Over the last month or so, I have found myself coming up against the dreaded ‘wall’ of writer’s block. The bane of every wordsmith’s life, the thorn in all scribbler’s sides, the stuff of nightmares for word-slingers the world over. And so, in an attempt to battle this monster that freezes my fingers, I am facing it head on, jabbing away with the only weapon in my arsenal – whatever words managed to scrabble their way onto my screen.
There are numerous methods that writers take up in order to defeat the frustrating fog of writer’s block – some spend days writing single words down on scraps of paper, others stop whatever project they’re working on and begin an entirely new scheme, and some folk just set down their pens, pick up another’s book, and call it a day on the whole writing lark.
In the hunt to find inspiration, I fell across a website devoted entirely to the counsel and consolation of befuddled writers – Writer’s Block Help offers a variety of opportunities to get over the hump of silence. Poem and story starters give the first few words from which a poet can blow the dust off their creativity and take hold of their vocation once more. 101 writing tips suggest practical solutions to the problem such as rest, exercise, avoiding popular media, as well as more focused work through character maps and plot guidelines.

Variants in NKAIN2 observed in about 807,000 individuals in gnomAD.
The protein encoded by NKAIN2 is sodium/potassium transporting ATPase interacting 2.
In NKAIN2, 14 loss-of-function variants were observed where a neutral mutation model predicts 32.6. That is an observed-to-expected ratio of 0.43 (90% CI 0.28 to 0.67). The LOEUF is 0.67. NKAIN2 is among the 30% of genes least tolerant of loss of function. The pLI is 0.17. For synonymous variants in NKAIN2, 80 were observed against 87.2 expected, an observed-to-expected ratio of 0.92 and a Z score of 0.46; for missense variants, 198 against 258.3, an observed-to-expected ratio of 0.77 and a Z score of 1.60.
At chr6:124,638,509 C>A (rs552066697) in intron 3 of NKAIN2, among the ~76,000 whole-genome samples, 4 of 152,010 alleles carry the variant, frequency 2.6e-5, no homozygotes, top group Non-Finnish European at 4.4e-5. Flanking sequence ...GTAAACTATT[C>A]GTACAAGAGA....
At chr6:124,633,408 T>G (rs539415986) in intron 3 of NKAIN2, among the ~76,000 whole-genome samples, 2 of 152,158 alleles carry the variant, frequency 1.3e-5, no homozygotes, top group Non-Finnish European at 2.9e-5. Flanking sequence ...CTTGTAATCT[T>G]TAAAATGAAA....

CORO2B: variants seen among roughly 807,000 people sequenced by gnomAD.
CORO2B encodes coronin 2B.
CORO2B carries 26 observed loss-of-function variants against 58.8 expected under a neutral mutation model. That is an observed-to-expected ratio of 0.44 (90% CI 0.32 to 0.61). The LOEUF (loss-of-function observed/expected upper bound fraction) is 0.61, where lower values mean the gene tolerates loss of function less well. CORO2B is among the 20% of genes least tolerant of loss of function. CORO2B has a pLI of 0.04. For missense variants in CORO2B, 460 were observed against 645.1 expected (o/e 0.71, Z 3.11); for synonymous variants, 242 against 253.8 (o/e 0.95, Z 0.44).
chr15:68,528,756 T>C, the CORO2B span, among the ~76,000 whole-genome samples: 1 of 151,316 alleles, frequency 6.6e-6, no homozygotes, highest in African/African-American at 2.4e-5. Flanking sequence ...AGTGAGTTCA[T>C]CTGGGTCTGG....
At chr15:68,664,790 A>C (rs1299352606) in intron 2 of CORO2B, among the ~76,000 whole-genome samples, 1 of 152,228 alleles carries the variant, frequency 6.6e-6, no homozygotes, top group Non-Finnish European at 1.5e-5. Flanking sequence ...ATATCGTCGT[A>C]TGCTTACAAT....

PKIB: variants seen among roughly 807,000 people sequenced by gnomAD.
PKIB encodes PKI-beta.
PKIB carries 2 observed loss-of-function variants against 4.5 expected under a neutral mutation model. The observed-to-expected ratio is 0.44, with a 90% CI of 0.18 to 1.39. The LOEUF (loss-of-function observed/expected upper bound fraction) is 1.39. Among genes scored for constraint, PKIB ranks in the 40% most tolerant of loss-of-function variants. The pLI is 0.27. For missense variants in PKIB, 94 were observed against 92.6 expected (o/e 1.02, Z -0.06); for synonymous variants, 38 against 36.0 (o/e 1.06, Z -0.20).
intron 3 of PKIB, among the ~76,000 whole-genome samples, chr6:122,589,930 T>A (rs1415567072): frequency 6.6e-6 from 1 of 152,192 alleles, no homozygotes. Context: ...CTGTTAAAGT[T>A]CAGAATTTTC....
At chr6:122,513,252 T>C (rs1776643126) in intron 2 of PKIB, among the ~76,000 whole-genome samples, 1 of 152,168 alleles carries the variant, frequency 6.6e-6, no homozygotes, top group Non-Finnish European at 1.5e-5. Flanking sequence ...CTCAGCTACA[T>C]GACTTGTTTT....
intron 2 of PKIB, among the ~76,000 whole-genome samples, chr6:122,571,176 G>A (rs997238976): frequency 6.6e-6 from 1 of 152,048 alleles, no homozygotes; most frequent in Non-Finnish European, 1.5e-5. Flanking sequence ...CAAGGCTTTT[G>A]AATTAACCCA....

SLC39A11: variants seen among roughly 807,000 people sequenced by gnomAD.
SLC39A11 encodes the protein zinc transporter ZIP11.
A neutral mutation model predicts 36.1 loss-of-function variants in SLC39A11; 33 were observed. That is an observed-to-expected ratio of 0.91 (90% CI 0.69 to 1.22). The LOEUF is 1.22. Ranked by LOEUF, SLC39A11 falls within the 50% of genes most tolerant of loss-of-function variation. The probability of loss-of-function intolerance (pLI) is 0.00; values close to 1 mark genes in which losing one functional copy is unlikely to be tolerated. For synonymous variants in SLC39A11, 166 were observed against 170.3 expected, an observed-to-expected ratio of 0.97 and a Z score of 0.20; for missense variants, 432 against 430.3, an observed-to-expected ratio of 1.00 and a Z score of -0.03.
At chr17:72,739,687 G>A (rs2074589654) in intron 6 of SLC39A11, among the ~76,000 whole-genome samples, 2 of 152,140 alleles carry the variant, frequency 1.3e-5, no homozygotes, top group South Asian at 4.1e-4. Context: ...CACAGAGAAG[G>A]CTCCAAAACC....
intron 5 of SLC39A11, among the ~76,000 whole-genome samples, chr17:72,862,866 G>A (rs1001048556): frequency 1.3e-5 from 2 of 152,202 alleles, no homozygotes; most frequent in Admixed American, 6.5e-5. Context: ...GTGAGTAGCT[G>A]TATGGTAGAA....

The thing that I find to be most infuriating about writer’s block, is the overwhelming urge to write something, anything, but a complete lapse in memory for any words relating to any topic. Even sitting down to write the conclusion to an essay, requiring just six or so sentences, was a feat that kept me up for many hours as I desperately strained to find sense from my keyboard. After an agonising few days, I completed the assignment, though my thirst to type was not quenched.
My way of beating the beast – writing about it. When all else fails, look to the thing that is frustrating you, and start typing all those thoughts and vents you’ve been having. And maybe, hopefully, it will open the gates once more and allow the words to flow from your fingers like they did not so long ago. This is my attempt. Even if it is in vain, it is one more article to my name, and one other topic of debate that I may look back on the next time the idiom-drought strikes. Or it may have just been a temporary sedative to my current vexation… we shall see.